“Going Green” With Building and Maintenance Can Put Your Company in the BlackPosted: April 3, 2012 | |
Many companies have adopted the idea of “going green” in conducting their internal affairs or as an overall focus for doing business. As a result, these companies often significantly minimize their environmental impact. In addition, companies that employ green building and maintenance practices enjoy a number of advantages, ranging from an enhanced public image to improved employee working conditions and a more robust bottom line.
Improved customer image
Customers are influenced in their purchasing decisions by whether a business shows environmental consciousness. For instance, Environmental Leader reported in 2007 that 72 percent of rental customers wanted hybrid vehicles included among rental car options. Nearly half of all cell phone customers consider a mobile carrier provider’s “green” credentials. In a tough housing market, 70 percent of potential home buyers were more inclined to purchase homes with “green” features, according a 2008 Green SmartMarket Report. Customers also tend to remain loyal to “green” companies during economic downturns.
Enhanced worker productivity
The U.S. Environmental Protection Agency (EPA) defines “sick building syndrome” to refer to health-related complaints by workers that cannot be attributed to a particular cause but which are present in an indoor environment. A similar condition, “building related illness,” applies to health-related complaints directly related to airborne contaminants. Symptoms of “sick building syndrome” and “building related illness” include respiratory distress, headache, fatigue and dizziness, according to the EPA. A survey of 100 office workers conducted by the American Society of Heating, Refrigerating, and Air-Conditioning Engineers (ASHRAE) revealed that 23 percent suffered symptoms related to “sick building syndrome.”
The nationwide cost in lost productivity related to “sick building syndrome” amounts to 2 percent annually, according to New York Real Estate Journal. Increasing indoor ventilation and reducing the indoor concentration of carbon dioxide to meet the standards established by LEED V3 diminishes complaints related to “sick building syndrome,” according to research conducted by Lawrence Berkeley National Laboratory in California. LEED V3 standards for indoor ventilation call for a 30 percent increase above the 2007 ASHRAE 62.1 ventilation standard of 20 cubic feet per minute (CFM) per person. Substituting nontoxic building materials, cleaning supplies and office equipment that do not emit volatile organic compounds (VOCs) greatly reduces airborne contaminants related to “building related illness.”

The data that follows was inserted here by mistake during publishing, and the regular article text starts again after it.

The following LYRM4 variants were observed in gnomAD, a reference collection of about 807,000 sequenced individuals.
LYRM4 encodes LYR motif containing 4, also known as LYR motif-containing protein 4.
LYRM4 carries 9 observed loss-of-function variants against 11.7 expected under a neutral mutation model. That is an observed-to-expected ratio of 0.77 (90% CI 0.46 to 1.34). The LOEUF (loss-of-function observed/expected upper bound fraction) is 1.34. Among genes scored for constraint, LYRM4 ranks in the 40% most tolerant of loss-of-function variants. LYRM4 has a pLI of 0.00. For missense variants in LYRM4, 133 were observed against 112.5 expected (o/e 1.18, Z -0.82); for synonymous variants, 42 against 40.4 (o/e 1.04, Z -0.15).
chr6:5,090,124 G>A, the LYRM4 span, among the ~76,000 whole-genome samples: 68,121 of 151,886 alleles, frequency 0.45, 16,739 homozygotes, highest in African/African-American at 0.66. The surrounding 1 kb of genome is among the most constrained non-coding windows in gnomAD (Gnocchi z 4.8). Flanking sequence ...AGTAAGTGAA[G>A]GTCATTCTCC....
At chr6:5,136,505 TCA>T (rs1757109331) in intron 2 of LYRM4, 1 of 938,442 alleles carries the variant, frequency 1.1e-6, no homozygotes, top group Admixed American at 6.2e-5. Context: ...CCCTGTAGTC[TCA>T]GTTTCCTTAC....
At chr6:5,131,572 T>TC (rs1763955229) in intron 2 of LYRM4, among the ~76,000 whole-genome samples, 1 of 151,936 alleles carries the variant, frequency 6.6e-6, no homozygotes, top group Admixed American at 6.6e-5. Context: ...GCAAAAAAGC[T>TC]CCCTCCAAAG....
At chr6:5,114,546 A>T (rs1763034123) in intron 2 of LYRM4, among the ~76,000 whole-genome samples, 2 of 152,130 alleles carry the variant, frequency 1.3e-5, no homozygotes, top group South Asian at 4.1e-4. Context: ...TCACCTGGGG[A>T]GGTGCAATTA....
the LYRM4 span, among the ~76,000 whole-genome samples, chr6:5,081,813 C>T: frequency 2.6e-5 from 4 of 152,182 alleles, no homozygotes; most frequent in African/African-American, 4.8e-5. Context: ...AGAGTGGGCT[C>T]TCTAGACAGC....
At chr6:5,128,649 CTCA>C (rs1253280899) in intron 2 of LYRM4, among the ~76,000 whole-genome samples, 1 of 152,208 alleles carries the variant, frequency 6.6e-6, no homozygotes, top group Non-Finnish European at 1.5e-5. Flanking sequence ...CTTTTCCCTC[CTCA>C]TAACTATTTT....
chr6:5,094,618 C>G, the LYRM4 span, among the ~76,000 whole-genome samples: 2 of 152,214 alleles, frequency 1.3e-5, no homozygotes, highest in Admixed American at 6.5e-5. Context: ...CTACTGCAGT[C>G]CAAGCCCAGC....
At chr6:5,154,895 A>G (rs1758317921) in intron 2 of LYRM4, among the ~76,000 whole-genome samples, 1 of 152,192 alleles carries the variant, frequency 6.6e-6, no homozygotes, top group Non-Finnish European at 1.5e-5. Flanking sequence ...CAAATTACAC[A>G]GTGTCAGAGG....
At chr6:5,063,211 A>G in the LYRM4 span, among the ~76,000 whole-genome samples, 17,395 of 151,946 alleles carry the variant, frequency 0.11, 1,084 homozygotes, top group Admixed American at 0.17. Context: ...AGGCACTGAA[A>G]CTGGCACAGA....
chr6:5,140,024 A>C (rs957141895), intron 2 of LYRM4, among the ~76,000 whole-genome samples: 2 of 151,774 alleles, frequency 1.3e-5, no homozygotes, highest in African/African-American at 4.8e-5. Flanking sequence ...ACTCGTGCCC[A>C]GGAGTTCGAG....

Indoor temperature and light conditions also affect worker productivity, either favorably or adversely. Workers subjected to poor temperature control (whether too hot or too cold) suffered slowed reaction times. In contrast, a Lockheed facility in California that reduced artificial indoor lighting by 75 percent in favor of increased natural light experienced a 15 percent increase in worker productivity, according a report by the Rocky Mountains Institute.
Increased bottom line benefits
As of 2007, the value of the worldwide “green” business market was $600 billion. Industry giants such as Wal-Mart, Toyota and Du Pont have embraced environmentally conscious business practices, as much to reduce their operating costs, increase market share and gain a larger profit margin as to enhance their “green” credentials. Federal, state and local tax incentives also exist for businesses to adopt energy saving measures, purchase environmentally conscious vehicles or construct and maintain “green” buildings,. Businesses could also gain tax credits and deductions for installing “green” heating, cooling and lighting systems, according to the Tax Incentives Assistance Project.
For Further Reading
- Business.gov: Financing Energy Efficiency Projects
- Lawrence Berkeley National Laboratory: Publications
- McGraw-Hill Construction Analytics: The Green SmartMarket Report
- MoreBusiness.com: Green Business Benefits — Energy Efficient Small Business
- The Tax Incentives Assistance Project: State and Utility Incentives
- The Tax Information Assistance Project: Businesses and Non Profits FAQ
- U.S. Green Building Council: What LEED Is
- U.S. Green Building Council, Central Florida Chapter: What is LEED?